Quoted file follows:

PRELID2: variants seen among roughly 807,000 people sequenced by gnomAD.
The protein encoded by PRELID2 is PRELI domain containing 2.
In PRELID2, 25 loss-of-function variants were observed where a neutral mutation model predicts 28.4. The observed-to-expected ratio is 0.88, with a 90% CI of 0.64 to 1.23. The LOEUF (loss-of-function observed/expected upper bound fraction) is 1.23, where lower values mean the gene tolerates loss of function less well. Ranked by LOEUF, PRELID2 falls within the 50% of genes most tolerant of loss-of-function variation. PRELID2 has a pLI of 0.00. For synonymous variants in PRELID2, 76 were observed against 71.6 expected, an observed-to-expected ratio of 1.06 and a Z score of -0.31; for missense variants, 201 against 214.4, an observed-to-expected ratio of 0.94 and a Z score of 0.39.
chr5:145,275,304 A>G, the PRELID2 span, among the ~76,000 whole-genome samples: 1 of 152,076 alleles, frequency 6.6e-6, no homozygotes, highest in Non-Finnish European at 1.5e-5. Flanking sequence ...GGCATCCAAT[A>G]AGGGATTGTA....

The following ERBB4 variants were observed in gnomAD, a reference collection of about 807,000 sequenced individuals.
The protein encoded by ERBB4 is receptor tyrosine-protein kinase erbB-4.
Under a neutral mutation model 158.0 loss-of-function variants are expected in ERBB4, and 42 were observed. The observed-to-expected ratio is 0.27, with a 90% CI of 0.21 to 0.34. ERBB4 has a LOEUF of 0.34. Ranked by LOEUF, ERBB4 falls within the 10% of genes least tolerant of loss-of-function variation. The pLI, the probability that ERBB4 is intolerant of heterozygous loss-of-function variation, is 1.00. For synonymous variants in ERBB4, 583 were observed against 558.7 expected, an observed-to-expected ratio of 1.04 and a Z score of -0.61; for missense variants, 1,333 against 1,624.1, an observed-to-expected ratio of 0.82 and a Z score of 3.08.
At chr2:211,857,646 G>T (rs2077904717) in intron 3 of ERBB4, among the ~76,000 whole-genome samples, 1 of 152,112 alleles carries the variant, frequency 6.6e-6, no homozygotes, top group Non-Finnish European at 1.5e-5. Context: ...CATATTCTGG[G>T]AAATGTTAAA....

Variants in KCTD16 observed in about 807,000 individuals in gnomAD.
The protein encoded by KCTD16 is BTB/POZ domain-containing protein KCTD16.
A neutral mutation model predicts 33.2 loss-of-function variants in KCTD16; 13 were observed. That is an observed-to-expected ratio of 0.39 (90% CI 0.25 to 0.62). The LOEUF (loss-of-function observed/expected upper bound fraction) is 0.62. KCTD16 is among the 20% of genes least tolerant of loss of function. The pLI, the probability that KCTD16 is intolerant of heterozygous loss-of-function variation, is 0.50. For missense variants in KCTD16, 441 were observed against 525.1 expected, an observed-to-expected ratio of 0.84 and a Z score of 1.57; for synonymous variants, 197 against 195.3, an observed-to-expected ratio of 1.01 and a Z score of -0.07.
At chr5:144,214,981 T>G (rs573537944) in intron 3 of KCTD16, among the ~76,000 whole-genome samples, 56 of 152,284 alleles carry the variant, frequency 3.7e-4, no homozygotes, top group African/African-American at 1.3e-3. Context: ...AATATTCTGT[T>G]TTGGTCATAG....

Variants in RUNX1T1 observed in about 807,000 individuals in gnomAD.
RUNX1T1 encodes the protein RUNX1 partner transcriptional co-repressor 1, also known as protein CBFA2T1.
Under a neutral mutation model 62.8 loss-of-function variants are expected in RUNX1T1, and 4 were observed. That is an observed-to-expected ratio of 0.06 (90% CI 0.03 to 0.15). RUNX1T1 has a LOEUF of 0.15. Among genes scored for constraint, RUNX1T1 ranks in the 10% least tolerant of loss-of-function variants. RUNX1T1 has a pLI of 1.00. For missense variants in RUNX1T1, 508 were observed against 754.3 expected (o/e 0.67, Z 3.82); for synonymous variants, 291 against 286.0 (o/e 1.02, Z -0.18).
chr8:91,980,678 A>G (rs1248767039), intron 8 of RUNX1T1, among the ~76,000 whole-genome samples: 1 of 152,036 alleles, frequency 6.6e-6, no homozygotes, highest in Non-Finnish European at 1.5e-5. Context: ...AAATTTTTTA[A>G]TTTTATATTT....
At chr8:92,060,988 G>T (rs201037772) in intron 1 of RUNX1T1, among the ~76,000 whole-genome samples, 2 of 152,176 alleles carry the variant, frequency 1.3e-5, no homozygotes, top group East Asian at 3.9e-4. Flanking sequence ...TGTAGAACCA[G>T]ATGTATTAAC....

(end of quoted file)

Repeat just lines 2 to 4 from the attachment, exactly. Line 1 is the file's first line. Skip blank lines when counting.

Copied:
The protein encoded by PRELID2 is PRELI domain containing 2.
In PRELID2, 25 loss-of-function variants were observed where a neutral mutation model predicts 28.4. The observed-to-expected ratio is 0.88, with a 90% CI of 0.64 to 1.23. The LOEUF (loss-of-function observed/expected upper bound fraction) is 1.23, where lower values mean the gene tolerates loss of function less well. Ranked by LOEUF, PRELID2 falls within the 50% of genes most tolerant of loss-of-function variation. PRELID2 has a pLI of 0.00. For synonymous variants in PRELID2, 76 were observed against 71.6 expected, an observed-to-expected ratio of 1.06 and a Z score of -0.31; for missense variants, 201 against 214.4, an observed-to-expected ratio of 0.94 and a Z score of 0.39.
chr5:145,275,304 A>G, the PRELID2 span, among the ~76,000 whole-genome samples: 1 of 152,076 alleles, frequency 6.6e-6, no homozygotes, highest in Non-Finnish European at 1.5e-5. Flanking sequence ...GGCATCCAAT[A>G]AGGGATTGTA....